Monday, September 19, 2011

Webkit-Based Development Revisited

I've made references to Webkit-based technologies in prior posts to this blog and in some early articles. For example,

Click here (2011) and here (2008).

I've also been referring to HTML5 of late. For example,

Click here and here

And way back, I've referred to A/B testing. For example,

Click here (2009)

For a presentation from NetFlix that pulls together these and other related topics,

Click here. The download of this 7 MB pdf file may take awhile if you have a slow connection.

Comment: While you may not be working on a project exactly like the one the authors discuss, you may find its information interesting nonetheless. I did.

As the default browser for both iPhone and Android, WebKit has become a major player in the mobile arena, offering a wider array of HTML5 and CSS3 support than any other major engine. For a soon-to-be-available book, see

This book gets you started with WebKit and shows you how to maximize HTML5 and CSS3 features in WebKit, and it addresses ways to optimize your web site for mobile devices and enhance the mobile user experience.

Thursday, September 8, 2011

Speech Recognition With General and Medical Vocabularies Revisited II

A Google search on “mba md programs” brings back over 12 million results, many of which are the particulars of the hundreds of MD/MBA programs now offered by leading universities.

This means that medical practices are now incorporating modern business models and that, in turn, means that practice managers and their accountants are not only looking for ways to cut costs as they have in the past but are now also looking for ways to establish new profit centers. Many times, speech-to-text tools like Dragon Medical Practice Edition provide the solution to one or both.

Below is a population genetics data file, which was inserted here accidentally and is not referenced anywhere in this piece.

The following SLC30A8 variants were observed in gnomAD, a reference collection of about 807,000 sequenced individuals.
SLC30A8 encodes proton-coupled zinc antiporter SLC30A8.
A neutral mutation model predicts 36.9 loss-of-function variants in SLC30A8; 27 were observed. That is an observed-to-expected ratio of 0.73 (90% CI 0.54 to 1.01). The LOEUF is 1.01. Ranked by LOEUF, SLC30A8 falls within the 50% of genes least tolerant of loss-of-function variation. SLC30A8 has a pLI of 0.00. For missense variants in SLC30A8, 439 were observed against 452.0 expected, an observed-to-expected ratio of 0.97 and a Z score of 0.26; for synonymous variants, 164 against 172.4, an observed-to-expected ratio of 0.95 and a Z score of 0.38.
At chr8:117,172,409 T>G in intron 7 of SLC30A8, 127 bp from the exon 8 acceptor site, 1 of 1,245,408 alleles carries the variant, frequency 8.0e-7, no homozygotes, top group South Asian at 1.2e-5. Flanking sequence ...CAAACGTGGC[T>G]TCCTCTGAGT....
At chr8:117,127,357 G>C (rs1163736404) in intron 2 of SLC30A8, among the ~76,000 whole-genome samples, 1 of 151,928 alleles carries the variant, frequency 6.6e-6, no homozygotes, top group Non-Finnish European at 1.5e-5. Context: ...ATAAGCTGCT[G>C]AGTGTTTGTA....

Nuance will this month release Dragon Medical Practice Edition, an upgrade to its medical speech recognition tool for small offices that should even further reduce transcription costs by making it easierier to enter data into an EHR.

Dragon Medical Practice Edition is similar to Nuance's existing Dragon speech recognition options for health care in that it allows health care workers to create medical notes directly in an EHR system in real time.

The new version has a number of time-saving features: for example, it alerts the user and offers advice when a poor audio input caused by incorrect microphone connection or background noise is detected. And that’s just the beginning.

Existing and new users can click here for the results of a YouTube search on “Dragon Medical Practice Edition”

These voice-translation videos fall roughly into the following three categories:

• Technical topics such as profile optimization

• Nuance and other tutorials

• Case studies narrated by practicing physicians

These YouTube videos and my prior posts on speech-to-text translation offer a pretty comprehensive introduction to speech recognition software in general and Dragon Medical software in particular. Check them out.